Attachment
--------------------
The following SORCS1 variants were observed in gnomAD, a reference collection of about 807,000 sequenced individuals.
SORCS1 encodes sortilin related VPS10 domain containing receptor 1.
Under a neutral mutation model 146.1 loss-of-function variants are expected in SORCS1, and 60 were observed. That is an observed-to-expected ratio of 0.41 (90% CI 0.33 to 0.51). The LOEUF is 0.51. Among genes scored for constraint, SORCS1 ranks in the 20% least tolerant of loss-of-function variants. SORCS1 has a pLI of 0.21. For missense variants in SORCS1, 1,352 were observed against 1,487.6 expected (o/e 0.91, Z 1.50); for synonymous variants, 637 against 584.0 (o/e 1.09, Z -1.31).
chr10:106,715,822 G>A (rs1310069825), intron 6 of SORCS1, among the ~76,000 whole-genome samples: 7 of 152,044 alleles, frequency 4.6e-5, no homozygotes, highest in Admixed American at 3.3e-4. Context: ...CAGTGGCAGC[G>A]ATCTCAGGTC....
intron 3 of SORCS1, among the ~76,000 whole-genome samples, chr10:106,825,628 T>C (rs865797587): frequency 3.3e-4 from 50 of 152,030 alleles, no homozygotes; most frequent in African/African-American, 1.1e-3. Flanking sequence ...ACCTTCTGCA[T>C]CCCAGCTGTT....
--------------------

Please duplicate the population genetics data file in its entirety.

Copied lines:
The following SORCS1 variants were observed in gnomAD, a reference collection of about 807,000 sequenced individuals.
SORCS1 encodes sortilin related VPS10 domain containing receptor 1.
Under a neutral mutation model 146.1 loss-of-function variants are expected in SORCS1, and 60 were observed. That is an observed-to-expected ratio of 0.41 (90% CI 0.33 to 0.51). The LOEUF is 0.51. Among genes scored for constraint, SORCS1 ranks in the 20% least tolerant of loss-of-function variants. SORCS1 has a pLI of 0.21. For missense variants in SORCS1, 1,352 were observed against 1,487.6 expected (o/e 0.91, Z 1.50); for synonymous variants, 637 against 584.0 (o/e 1.09, Z -1.31).
chr10:106,715,822 G>A (rs1310069825), intron 6 of SORCS1, among the ~76,000 whole-genome samples: 7 of 152,044 alleles, frequency 4.6e-5, no homozygotes, highest in Admixed American at 3.3e-4. Context: ...CAGTGGCAGC[G>A]ATCTCAGGTC....
intron 3 of SORCS1, among the ~76,000 whole-genome samples, chr10:106,825,628 T>C (rs865797587): frequency 3.3e-4 from 50 of 152,030 alleles, no homozygotes; most frequent in African/African-American, 1.1e-3. Flanking sequence ...ACCTTCTGCA[T>C]CCCAGCTGTT....